Cost is the major selling point for the Nexus 7: for $199 Google will sell you an 8GB version with a $25 credit at the Google Play store, along with some preloaded magazines, books and a movie (Transformers: Dark of the Moon). It's tough to buy a new tablet and not buy apps for it, so the $25 credit is likely to be incredibly useful - making the effective retail price of the Nexus 7 $174. If you want 16GB of storage the price does go up to $249 however. Unfortunately even Google is not above charging $50 for $4 of MLC NAND.

The limited NAND capacity prevents the Nexus 7 from being home to more than a single full length movie or a couple of TV shows. Streaming video content isn't a problem, Netflix works beautifully on the device but there's no hope if you want to keep a ton of content local. Unfortunately USB OTG isn't supported for storage, so you're left with no other option for expanding local storage (short of rooting the device).

In every sense outside of portability, a 10-inch display is much nicer to look at than a 7-inch one in my opinion. There's less zooming in you need to do on web pages or magazines. Text in general is just easier to read and perhaps I'm getting too old, but there's something nice about everything being comfortably bigger.

Does the Nexus 7's form factor make it feel substantially better than using a smartphone? Yes, I'd say so. The same reasons I gave above for a 10-inch tablet being nicer to use than a 7-inch tablet are equally applicable to 7-inch tablet vs. a smartphone. There's this size/usability optimization curve that requires some soul searching to figure out exactly where you land on it. I suspect most people fall into the small smartphone + large tablet dichotomy, but the beauty of this current mobile revolution is the availability of choice. The Nexus 7 in many ways is very much like the 11-inch MacBook Air. A bit impractical for many, but those who crave portability are drawn to it. The Nexus 7 still feels like you're using a tablet, just a small one.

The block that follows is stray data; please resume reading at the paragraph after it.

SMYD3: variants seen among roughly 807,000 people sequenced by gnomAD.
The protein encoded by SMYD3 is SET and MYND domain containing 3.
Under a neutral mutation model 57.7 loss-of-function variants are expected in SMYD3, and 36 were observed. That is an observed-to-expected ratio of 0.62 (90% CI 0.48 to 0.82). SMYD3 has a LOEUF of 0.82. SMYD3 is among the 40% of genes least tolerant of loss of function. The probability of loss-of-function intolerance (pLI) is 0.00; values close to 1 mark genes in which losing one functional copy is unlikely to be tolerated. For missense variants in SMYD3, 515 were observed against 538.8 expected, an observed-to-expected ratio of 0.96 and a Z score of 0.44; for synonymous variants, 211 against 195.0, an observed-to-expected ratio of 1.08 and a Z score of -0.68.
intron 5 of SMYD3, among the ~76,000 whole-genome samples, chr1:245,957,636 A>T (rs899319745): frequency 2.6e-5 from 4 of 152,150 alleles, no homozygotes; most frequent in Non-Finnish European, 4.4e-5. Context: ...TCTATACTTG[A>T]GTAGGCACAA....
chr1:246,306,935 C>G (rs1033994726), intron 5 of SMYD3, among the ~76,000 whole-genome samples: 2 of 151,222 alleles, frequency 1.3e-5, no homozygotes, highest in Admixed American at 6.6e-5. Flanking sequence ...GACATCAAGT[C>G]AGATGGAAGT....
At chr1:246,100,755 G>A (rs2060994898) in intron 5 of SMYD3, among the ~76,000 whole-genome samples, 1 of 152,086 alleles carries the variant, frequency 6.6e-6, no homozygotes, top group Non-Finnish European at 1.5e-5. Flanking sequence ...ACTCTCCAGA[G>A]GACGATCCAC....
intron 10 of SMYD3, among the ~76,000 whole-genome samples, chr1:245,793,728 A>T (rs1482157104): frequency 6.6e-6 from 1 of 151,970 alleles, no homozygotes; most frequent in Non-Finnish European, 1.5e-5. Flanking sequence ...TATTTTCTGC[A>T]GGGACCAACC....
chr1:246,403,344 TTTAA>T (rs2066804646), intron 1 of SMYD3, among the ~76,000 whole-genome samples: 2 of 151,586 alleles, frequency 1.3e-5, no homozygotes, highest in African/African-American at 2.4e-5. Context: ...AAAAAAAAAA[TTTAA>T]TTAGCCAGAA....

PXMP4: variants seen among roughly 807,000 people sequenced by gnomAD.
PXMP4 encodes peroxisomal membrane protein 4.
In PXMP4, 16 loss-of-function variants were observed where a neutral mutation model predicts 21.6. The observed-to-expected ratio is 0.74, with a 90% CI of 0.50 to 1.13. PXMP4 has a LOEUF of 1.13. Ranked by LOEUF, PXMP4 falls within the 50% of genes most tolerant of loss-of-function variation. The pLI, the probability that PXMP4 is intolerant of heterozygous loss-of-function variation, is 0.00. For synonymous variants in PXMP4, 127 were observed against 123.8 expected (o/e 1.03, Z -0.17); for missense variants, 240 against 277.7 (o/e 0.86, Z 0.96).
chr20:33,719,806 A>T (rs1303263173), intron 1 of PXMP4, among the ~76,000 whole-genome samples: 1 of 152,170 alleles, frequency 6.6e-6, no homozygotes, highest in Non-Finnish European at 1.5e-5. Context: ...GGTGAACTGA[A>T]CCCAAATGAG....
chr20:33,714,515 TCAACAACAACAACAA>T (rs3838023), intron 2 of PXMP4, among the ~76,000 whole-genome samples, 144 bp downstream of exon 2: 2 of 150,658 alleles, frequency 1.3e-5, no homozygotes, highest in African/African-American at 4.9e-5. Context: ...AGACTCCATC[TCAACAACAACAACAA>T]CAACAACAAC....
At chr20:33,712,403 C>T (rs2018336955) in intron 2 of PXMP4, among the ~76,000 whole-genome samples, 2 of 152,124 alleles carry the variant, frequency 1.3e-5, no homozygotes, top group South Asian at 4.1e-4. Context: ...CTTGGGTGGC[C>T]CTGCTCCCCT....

I needn't dwell on the benefits of a 7-inch form factor for portability any longer. If I'm wearing baggy enough pants I can even pocket the Nexus 7, something I simply couldn't do with the iPad. I'm more likely to carry the Nexus 7 with me than I would the iPad, but the comparison isn't quite as open and shut as that. The iPad offers LTE, the Nexus 7 is more portable, the iPad is easier to look at, the Nexus 7 is more affordable...the back and forth is endless.

Android 4.1
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  • ericore - Friday, July 27, 2012 - link

    Assuming the price is 299 for the entry 16 GB version of Nexus 10, I will only buy it under the following conditions:

    -storage option
    -2GB Ram
    -Preloaded with Ubuntu (duel boot)
    -Option to load other distros in its place

    Linux complements Android very well and fills a lot of the gaps.
    It would be a smart move on Google's part.
    It would be my move.
    Reply
  • richough3 - Friday, July 27, 2012 - link

    I would be tempted to buy this but the lack of decent speakers on a tablet like this is one of the deal killers for me. The other one is the lack of an SD card slot. Sure, it's up to preference, but the way I see it is more and more ISPs are moving to tiered services, so to do everything across the cloud will cost more. Reply
  • Chesher - Friday, July 27, 2012 - link

    Nexus 7 has bluetooth - Kindle Fire does not.

    So, I can use Google Play with my bluetooth speakers with my Nexus 7.

    Just wanted to mention this - because this is a big deal.
    Reply
  • tssynergy - Saturday, July 28, 2012 - link

    Moore's law is in full effect in the tablet world. Given the recent technological progress in components and the slew of new hardware about to hit the streets, I think the differences in the actual devices will become narrow to the point of being insignificant (excluding Windows RT/8, primary computing tablets for now). The key differentiation, in my opinion, lays in the various ecosystems. iTunes vs. Amazon vs. Google Play is where the battle will be won or lost. Sustainable competitive advantage on hardware will be short lived to non existent. Reply